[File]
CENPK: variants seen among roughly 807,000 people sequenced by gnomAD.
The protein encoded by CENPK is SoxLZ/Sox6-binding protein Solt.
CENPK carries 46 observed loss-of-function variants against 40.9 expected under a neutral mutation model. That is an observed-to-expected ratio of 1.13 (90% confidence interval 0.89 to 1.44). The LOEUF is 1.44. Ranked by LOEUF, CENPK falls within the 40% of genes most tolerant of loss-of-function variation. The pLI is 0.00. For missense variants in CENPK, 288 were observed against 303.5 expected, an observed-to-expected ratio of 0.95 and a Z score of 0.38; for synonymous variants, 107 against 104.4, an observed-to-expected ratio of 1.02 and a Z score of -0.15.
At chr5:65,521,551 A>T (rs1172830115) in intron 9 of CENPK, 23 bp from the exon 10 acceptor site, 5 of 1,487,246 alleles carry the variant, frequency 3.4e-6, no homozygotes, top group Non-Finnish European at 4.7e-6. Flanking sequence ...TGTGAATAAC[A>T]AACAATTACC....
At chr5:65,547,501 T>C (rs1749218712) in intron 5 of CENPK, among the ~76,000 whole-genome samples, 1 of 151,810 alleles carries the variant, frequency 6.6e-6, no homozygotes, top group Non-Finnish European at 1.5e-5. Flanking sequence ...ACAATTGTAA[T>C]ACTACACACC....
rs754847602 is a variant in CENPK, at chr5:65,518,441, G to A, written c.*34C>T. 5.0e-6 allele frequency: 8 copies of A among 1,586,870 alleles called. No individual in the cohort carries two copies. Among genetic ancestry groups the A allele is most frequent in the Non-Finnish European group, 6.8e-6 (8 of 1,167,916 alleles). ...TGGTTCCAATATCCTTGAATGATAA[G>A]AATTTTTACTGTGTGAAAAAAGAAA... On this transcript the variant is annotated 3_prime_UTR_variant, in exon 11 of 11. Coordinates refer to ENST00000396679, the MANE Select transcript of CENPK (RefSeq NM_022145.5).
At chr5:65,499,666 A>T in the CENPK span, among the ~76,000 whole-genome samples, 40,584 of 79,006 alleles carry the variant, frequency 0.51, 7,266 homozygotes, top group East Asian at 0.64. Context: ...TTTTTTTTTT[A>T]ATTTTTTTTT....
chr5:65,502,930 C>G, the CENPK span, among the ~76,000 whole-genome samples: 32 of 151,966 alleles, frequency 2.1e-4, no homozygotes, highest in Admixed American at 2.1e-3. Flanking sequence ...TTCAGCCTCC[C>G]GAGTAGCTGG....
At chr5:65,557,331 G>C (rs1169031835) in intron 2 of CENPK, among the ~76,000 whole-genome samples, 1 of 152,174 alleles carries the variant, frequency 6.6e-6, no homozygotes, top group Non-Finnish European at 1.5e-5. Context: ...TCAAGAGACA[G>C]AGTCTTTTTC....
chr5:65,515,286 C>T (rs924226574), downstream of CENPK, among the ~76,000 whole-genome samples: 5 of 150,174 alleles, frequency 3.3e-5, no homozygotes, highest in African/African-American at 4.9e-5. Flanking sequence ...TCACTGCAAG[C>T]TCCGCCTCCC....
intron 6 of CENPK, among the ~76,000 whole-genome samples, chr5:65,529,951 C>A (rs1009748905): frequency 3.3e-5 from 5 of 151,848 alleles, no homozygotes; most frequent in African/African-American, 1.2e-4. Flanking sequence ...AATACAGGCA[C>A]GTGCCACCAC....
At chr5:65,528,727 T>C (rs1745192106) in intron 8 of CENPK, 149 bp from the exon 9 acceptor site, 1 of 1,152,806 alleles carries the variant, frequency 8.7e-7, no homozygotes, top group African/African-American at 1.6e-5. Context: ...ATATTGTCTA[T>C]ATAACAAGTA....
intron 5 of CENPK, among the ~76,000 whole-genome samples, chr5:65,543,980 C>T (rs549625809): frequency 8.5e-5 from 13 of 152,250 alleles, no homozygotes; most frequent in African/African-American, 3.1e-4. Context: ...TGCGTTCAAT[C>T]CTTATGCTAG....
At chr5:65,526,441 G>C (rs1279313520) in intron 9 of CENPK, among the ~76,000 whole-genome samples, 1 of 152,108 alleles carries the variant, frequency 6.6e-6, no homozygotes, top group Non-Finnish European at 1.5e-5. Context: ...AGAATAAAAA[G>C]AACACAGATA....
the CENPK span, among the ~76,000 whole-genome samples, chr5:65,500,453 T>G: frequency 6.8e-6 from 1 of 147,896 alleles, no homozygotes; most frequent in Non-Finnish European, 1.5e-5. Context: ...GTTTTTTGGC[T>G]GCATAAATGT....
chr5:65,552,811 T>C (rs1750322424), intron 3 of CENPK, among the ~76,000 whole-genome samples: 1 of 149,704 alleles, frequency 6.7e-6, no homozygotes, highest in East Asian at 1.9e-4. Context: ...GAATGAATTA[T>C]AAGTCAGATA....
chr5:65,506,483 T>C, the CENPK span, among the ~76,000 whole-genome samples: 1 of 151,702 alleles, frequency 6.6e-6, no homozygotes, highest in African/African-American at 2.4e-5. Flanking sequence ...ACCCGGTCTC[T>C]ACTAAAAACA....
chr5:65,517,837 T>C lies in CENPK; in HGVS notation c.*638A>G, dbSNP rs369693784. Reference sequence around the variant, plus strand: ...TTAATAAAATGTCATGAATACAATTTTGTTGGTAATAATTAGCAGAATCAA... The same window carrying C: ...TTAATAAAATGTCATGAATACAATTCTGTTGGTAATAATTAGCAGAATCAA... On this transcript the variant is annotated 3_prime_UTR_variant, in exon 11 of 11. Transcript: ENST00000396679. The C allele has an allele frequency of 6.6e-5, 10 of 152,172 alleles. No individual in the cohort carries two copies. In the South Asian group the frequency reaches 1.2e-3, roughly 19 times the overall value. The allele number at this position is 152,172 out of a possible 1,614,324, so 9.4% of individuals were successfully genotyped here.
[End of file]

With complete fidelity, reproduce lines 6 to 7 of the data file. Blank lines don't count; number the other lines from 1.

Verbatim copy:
rs754847602 is a variant in CENPK, at chr5:65,518,441, G to A, written c.*34C>T. 5.0e-6 allele frequency: 8 copies of A among 1,586,870 alleles called. No individual in the cohort carries two copies. Among genetic ancestry groups the A allele is most frequent in the Non-Finnish European group, 6.8e-6 (8 of 1,167,916 alleles). ...TGGTTCCAATATCCTTGAATGATAA[G>A]AATTTTTACTGTGTGAAAAAAGAAA... On this transcript the variant is annotated 3_prime_UTR_variant, in exon 11 of 11. Coordinates refer to ENST00000396679, the MANE Select transcript of CENPK (RefSeq NM_022145.5).
At chr5:65,499,666 A>T in the CENPK span, among the ~76,000 whole-genome samples, 40,584 of 79,006 alleles carry the variant, frequency 0.51, 7,266 homozygotes, top group East Asian at 0.64. Context: ...TTTTTTTTTT[A>T]ATTTTTTTTT....